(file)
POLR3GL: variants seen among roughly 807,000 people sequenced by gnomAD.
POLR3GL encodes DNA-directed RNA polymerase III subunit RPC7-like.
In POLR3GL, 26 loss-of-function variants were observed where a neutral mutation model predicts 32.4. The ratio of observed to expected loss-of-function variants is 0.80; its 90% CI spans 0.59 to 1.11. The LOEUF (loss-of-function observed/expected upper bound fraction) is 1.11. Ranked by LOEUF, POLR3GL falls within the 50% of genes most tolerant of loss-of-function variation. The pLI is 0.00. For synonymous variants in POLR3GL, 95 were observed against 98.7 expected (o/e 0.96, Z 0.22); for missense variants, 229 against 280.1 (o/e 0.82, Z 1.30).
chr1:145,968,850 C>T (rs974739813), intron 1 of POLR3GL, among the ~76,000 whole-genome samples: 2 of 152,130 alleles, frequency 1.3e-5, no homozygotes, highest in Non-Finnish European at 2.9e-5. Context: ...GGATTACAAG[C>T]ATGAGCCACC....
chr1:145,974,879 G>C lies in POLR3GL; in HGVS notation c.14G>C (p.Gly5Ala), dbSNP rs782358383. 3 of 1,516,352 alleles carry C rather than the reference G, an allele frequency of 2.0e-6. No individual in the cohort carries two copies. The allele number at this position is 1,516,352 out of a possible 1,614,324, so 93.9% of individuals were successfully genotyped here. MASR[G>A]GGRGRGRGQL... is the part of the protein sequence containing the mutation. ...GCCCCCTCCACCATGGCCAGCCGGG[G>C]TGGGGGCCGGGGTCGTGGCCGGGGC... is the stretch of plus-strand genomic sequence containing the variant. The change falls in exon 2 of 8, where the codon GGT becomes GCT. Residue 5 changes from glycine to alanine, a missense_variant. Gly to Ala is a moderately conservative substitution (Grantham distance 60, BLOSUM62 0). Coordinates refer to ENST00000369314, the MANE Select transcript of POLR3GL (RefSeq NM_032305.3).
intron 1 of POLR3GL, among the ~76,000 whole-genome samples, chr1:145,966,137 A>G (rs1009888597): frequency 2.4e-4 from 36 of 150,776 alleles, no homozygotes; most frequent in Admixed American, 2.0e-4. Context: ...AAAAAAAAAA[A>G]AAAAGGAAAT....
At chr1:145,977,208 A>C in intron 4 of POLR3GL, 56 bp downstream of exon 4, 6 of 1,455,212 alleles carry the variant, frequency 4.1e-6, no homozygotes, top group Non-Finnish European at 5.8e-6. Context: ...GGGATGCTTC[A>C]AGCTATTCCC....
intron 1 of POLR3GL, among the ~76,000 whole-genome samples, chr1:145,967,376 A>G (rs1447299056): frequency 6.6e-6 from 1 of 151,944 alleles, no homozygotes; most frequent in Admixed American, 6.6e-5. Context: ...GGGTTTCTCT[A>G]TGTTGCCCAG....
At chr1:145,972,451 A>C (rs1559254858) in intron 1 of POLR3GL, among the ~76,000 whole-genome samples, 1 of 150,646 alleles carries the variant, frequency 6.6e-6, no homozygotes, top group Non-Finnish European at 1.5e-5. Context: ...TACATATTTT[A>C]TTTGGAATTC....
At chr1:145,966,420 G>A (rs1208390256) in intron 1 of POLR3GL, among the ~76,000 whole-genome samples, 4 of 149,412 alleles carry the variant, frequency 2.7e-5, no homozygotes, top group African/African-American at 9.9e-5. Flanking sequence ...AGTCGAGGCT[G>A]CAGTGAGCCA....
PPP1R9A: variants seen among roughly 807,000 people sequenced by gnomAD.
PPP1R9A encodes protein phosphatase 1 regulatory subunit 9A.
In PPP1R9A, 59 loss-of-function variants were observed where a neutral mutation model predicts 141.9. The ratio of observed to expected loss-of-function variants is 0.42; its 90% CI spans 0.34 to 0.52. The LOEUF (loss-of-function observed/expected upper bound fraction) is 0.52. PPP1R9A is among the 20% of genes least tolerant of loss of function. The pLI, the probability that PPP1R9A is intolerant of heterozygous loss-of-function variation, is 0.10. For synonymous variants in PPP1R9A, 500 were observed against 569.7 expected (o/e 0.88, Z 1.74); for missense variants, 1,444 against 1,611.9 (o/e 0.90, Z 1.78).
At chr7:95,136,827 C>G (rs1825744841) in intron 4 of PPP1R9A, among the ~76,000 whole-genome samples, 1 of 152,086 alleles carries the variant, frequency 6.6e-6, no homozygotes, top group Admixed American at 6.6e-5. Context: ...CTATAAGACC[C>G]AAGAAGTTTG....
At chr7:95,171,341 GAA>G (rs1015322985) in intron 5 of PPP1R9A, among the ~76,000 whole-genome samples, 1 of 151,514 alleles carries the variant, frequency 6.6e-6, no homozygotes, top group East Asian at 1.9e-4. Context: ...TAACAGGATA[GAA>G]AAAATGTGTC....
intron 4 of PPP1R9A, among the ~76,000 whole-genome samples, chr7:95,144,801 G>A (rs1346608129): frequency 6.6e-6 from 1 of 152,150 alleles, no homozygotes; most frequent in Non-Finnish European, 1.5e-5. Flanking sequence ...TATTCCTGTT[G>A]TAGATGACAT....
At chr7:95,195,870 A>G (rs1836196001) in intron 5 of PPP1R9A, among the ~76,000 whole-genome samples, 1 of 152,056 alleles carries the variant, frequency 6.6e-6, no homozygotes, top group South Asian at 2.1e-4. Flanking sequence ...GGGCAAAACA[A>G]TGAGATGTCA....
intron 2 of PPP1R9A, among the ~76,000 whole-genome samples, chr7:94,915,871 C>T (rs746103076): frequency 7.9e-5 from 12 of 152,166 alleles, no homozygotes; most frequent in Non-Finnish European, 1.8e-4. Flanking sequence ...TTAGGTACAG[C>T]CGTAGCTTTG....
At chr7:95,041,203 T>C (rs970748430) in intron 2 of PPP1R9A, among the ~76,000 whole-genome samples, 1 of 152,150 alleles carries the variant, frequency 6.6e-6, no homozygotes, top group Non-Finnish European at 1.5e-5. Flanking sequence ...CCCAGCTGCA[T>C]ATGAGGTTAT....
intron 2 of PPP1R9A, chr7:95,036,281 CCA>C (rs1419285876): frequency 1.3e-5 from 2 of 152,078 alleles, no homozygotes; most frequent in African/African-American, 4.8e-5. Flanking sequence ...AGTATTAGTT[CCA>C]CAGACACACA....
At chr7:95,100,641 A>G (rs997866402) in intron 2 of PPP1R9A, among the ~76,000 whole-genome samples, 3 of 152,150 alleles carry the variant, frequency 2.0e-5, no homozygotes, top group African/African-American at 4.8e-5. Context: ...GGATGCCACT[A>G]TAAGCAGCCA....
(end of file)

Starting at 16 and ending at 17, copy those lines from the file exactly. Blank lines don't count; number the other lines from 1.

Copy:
intron 4 of PPP1R9A, among the ~76,000 whole-genome samples, chr7:95,144,801 G>A (rs1346608129): frequency 6.6e-6 from 1 of 152,150 alleles, no homozygotes; most frequent in Non-Finnish European, 1.5e-5. Flanking sequence ...TATTCCTGTT[G>A]TAGATGACAT....
At chr7:95,195,870 A>G (rs1836196001) in intron 5 of PPP1R9A, among the ~76,000 whole-genome samples, 1 of 152,056 alleles carries the variant, frequency 6.6e-6, no homozygotes, top group South Asian at 2.1e-4. Flanking sequence ...GGGCAAAACA[A>G]TGAGATGTCA....